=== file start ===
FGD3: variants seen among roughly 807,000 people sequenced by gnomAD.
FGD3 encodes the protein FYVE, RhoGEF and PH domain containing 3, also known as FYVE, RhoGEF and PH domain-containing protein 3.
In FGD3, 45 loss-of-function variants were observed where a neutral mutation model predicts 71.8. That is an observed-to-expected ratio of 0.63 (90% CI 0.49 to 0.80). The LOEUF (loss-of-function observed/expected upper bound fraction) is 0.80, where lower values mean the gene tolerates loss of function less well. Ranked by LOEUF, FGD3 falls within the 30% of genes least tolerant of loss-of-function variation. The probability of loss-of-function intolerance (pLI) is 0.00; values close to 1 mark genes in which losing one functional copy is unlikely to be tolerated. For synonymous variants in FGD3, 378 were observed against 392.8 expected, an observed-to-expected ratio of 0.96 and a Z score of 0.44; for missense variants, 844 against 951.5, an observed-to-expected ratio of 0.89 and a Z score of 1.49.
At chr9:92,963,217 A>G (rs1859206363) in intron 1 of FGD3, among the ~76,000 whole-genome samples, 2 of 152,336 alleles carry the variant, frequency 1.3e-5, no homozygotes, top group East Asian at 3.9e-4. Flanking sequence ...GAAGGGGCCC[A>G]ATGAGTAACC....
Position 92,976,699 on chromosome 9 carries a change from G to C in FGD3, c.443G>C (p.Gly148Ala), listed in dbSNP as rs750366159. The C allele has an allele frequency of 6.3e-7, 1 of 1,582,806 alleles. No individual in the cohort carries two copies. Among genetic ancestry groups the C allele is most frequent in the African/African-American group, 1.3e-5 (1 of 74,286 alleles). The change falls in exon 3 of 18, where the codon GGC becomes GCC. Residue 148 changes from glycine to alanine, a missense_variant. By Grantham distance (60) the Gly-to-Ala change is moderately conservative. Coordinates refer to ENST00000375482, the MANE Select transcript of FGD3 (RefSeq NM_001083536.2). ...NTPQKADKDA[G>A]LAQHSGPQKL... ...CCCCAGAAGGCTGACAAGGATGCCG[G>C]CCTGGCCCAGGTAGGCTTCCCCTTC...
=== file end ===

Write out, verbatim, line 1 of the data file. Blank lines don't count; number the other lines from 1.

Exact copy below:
FGD3: variants seen among roughly 807,000 people sequenced by gnomAD.